Excitement for Openly Gay Presidential Hopeful Galvanizes Hollywood

Pete Buttigieg, Via Facebook

(Edge) The Hollywood Reporter has broken the news that a host of Hollywood's powerhouse gay A-listers are ready to throw their support to the candidacy of openly gay 2020 hopeful Pete Buttigieg, with none other than Ryan Murphy — of "American Horror Story," "Glee," and "Pose" fame — planning to host the candidate for a June fundraiser at the home Murphy shares with his husband, David Miller.

The fundraising event has attracted support from many of Tinseltown's other foremost openly gay powerhouse stars from before and behind the cameras, the Hollywood Reported noted. Names like Matt Bomer, Billy Eichner, Greg Berlanti, and Bryan Lourd littered the article. 

Buttigieg — whose campaign has taken off, with straw polls last month placing him third, coming in only after progressive superstars Bernie Sanders and Joe Biden — has energized everyday Americans and commanded a hefty $7 million in donations in the year's first quarter, a remarkable sum for someone who was a virtual unknown only a few months ago. 

The 37-year-old politician is now in his second term as mayor of South Bend, Indiana. Buttigieg won his second term after coming out as gay. Since then, he has married his husband, Chasten, who has been a visible part of Buttigieg's campaign, and the two have made public their plans to become fathers.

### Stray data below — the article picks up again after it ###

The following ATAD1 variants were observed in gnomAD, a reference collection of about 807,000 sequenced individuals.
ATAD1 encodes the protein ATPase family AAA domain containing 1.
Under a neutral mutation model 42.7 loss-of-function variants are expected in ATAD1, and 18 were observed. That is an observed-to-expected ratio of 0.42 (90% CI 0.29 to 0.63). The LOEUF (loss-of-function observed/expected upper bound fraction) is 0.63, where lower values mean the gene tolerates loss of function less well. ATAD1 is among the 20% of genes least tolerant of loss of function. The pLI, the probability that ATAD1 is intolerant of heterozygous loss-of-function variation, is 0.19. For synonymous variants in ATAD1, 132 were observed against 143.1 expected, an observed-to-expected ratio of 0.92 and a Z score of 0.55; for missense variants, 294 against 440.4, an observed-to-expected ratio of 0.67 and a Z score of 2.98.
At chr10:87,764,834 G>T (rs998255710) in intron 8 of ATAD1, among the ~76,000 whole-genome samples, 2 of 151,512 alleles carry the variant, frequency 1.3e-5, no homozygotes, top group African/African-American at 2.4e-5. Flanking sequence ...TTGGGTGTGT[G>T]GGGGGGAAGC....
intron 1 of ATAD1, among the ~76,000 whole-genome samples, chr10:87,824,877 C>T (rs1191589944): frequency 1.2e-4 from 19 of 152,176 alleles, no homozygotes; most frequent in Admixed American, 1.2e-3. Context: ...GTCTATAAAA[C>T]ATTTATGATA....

The Hollywood Reporter took note of how Buttigieg has become a talk show darling, making the rounds on "Ellen," "Real Time with Bill Maher," and "Late Night with Seth Meyers."

During his "Ellen" appearance, Buttigieg addressed claims from Vice President Mike Pence — onetime governor of Indiana — that Buttigieg was "attacking" Pence's faith by making reference to Pence's long and notorious history of anti-LGBTQ positions and policies.

"I'm not critical of his faith. I'm critical of bad policies. I don't have a problem with religion. I'm religious, too," he told Ellen DeGeneres. "I have a problem with religion being used as a justification to harm people and especially in the LGBTQ community. 

"So many people - even today - feel like they don't belong," Buttigieg added. "You can get fired in so many parts of this country just for who you are. And that's got to change.

"I'm not interested in feuding with the vice president," he went on to say. "But if he wanted to clear this up he could come out today and say he's changed his mind, that it shouldn't be legal to discriminate against anybody in this country for who they are. That's all."

When Buttigieg appeared on "Late Night with Seth Meyers," his host questioned the candidate as to how his experience as mayor of South Bend would translate to the Oval Office. Buttigieg lost no time outlining a vision for a presidency that sounded like something diametrically opposed to what America has seen thus far from the Trump administration.

"I think what you learn when you're a mayor is that your job is not only to come up with good policies, and also to run an administration capably," Buttigieg replied, "but also just to hold people together and to make sure that you're calling people to their highest values. I think that might be the part that we're most missing in the White House right now."

"I guess at the national level the president thinks when there's a problem you can just say the opposite and just will it away, whether it's North Korea or whether it's domestic issues," Buttigieg went on to say. "But when you're in a community, there are no alternative facts." 

Even late night hosts and comedians who have not hosted Buttigieg have shown him some love, as Jimmy Fallon did with an affectionate, spot-on impression.


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